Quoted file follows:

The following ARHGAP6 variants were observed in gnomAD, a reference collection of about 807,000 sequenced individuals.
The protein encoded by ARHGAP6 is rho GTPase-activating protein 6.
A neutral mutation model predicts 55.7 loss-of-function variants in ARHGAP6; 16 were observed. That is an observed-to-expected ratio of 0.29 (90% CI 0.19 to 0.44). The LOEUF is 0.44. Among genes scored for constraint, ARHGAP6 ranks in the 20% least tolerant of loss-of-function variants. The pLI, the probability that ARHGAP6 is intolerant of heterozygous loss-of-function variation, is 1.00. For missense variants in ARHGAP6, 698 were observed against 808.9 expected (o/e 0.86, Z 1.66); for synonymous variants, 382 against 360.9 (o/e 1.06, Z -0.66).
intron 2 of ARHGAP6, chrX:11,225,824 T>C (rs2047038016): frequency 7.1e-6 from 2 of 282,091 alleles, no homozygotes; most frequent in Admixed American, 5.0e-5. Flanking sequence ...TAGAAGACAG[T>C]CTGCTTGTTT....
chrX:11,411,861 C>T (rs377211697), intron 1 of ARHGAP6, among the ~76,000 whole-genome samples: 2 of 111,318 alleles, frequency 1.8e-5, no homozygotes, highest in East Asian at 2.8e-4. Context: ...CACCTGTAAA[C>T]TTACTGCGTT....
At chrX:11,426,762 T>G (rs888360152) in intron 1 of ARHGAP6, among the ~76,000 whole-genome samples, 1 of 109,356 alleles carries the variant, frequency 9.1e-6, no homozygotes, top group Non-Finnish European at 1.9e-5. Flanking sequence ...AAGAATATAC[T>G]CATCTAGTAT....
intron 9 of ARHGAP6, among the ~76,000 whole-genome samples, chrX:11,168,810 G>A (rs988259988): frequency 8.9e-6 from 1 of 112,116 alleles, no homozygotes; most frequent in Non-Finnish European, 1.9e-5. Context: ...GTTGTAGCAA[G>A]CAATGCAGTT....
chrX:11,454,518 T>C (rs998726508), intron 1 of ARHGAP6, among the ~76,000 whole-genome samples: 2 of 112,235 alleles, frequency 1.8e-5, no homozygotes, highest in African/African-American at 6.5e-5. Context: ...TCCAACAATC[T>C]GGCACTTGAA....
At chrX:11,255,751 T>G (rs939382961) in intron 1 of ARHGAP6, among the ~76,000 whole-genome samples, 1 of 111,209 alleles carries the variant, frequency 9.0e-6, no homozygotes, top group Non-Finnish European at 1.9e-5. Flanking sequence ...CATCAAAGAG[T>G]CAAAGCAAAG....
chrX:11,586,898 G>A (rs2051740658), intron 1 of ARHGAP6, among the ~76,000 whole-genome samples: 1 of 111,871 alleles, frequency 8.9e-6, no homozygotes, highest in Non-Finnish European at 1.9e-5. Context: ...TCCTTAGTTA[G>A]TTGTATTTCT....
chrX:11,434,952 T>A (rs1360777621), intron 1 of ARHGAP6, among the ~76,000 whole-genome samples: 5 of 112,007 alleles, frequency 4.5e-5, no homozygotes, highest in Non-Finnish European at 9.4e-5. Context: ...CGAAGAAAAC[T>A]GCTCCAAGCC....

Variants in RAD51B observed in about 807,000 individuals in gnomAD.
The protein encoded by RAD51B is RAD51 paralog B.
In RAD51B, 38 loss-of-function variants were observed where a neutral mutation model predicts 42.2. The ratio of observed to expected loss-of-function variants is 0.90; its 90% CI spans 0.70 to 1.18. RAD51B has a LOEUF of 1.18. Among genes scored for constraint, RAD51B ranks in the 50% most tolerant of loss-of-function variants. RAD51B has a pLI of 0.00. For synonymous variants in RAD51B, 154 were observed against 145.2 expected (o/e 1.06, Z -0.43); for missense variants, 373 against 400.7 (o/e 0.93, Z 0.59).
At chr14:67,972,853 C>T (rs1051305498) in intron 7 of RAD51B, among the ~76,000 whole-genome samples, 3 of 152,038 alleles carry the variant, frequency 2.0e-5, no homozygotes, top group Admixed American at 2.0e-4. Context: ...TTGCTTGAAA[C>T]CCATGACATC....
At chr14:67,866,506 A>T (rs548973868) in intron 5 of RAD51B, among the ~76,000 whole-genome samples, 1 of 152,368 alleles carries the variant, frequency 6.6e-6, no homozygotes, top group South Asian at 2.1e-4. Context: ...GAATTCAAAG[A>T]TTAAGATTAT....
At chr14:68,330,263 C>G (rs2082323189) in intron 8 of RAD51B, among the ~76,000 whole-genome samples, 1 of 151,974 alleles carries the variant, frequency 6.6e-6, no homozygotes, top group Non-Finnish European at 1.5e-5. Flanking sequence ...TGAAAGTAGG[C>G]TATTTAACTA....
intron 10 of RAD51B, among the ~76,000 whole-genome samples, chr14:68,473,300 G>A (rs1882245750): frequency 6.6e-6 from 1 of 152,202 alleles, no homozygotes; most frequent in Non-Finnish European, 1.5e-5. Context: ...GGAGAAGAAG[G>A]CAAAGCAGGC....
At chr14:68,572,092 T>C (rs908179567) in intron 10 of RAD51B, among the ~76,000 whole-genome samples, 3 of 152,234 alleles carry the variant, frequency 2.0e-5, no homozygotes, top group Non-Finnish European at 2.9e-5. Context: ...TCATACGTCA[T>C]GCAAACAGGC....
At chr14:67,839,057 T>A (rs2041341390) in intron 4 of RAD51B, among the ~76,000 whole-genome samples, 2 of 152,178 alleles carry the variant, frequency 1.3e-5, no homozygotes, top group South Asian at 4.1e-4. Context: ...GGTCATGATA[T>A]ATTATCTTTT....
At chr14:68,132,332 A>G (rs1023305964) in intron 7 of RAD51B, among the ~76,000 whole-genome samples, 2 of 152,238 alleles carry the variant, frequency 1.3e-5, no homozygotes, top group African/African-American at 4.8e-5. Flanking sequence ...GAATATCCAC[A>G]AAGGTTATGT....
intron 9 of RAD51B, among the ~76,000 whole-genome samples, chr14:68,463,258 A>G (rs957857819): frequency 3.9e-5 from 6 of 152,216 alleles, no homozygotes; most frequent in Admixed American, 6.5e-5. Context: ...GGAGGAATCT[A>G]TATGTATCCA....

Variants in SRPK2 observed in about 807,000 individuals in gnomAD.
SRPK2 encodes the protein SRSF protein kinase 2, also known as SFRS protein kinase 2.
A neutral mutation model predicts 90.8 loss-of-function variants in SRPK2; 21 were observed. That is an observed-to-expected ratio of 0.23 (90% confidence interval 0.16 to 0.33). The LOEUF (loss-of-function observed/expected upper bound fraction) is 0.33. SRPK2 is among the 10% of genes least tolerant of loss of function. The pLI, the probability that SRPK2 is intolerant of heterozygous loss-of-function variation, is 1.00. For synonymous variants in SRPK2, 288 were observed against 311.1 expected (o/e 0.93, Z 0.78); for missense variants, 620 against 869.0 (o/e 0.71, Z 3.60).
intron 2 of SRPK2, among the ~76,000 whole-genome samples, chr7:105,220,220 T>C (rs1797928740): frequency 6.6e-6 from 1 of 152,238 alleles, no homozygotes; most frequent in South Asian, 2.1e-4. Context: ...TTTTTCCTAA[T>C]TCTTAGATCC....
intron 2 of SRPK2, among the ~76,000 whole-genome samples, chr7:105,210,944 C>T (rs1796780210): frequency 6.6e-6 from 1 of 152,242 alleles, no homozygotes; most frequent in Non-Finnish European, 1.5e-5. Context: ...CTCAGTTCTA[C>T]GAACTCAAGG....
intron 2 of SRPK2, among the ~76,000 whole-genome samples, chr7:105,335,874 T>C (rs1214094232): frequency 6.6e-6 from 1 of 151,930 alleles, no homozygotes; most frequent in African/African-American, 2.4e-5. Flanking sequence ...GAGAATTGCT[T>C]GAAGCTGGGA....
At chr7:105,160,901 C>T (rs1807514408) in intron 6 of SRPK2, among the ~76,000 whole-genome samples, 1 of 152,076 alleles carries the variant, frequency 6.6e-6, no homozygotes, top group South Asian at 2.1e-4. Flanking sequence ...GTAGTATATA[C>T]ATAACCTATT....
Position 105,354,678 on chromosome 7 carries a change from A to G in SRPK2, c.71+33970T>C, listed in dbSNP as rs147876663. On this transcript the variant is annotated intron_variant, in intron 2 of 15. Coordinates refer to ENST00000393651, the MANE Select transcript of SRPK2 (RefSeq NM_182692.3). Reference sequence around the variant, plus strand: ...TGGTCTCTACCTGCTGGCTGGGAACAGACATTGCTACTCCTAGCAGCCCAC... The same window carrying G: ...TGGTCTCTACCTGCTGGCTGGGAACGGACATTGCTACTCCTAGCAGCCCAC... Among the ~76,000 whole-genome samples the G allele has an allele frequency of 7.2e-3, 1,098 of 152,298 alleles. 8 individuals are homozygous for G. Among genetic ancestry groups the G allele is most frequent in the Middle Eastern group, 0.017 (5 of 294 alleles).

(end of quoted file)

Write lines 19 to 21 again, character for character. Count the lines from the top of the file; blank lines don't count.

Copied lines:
At chr14:68,572,092 T>C (rs908179567) in intron 10 of RAD51B, among the ~76,000 whole-genome samples, 3 of 152,234 alleles carry the variant, frequency 2.0e-5, no homozygotes, top group Non-Finnish European at 2.9e-5. Context: ...TCATACGTCA[T>C]GCAAACAGGC....
At chr14:67,839,057 T>A (rs2041341390) in intron 4 of RAD51B, among the ~76,000 whole-genome samples, 2 of 152,178 alleles carry the variant, frequency 1.3e-5, no homozygotes, top group South Asian at 4.1e-4. Context: ...GGTCATGATA[T>A]ATTATCTTTT....
At chr14:68,132,332 A>G (rs1023305964) in intron 7 of RAD51B, among the ~76,000 whole-genome samples, 2 of 152,238 alleles carry the variant, frequency 1.3e-5, no homozygotes, top group African/African-American at 4.8e-5. Flanking sequence ...GAATATCCAC[A>G]AAGGTTATGT....